While the original perpetrators were eventually discovered by the N.C.A.A., which gives away tickets only to legitimate schools, a club was formed to keep the Final Four trips alive. The members maintained the university theme — Maguire has a chancellor, an admissions director, a dean of its nonexistent law school and a coach of its nonexistent swim team — and enrollment has swelled to more than 1,000, at least according to the email list.
Four trips to the Final Four with Maguire are considered enough to graduate, with a degree in bracketology and a minor in intoxicology. But there were plenty of alumni eager to visit San Antonio for this year’s 56th meeting; Comer reserved a block of 60 rooms at the Drury Plaza Hotel almost two years ago. Some were Loyola-Chicago fans; others were rooting for Villanova. Still more were here for other, more social reasons.
Credit Tamir Kalifa for The New York Times
“It’s like getting thrown into the deep end of a pool,” Rudy Fasciani of Croton-on-Hudson, N.Y., who described himself as a fifth-year senior, said, “that’s full of beer.”
Though they call themselves the Jollymen, Maguire officials and graduates finally ceded to Title IX in 2003 and began accepting women, like Comer, who serves as treasurer. There are no dues, but there is tuition, which goes toward financing the annual Final Four pilgrimage, which this year ran around $2,000 for a five-night hotel stay. That does not include airfare, or the lengthy bar tabs, or even a ticket to the games. In fact, most of the attendees won’t step foot inside the Alamodome.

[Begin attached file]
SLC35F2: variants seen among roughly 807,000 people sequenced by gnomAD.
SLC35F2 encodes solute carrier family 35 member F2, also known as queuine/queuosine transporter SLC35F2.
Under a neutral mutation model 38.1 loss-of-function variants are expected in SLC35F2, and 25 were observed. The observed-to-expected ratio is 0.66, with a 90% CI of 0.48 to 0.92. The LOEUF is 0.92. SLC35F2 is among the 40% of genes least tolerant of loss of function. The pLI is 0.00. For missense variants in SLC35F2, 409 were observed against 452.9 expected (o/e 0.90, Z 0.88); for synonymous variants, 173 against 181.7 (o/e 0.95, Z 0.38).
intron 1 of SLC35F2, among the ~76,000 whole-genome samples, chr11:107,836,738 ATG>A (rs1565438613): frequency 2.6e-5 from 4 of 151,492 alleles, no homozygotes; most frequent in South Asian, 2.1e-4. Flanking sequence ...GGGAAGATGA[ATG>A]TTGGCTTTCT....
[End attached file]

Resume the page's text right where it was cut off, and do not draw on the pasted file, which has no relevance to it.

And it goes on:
“We’ll watch the game,” John Kurek, 81, said as he nursed a glass of wine. “But it will be from the bar.”
Kurek, a member of the Maguire hall of fame (he has the emerald cubic zirconia ring to prove it) making his 25th straight Final Four trip, was sitting next to Charlie Hounihan, a Loyola graduate who remembers watching the 1963 team in action. They both live in Chicago and frequently attend Kelly’s Pub, which replaced Maguire’s as the main campus in 1988.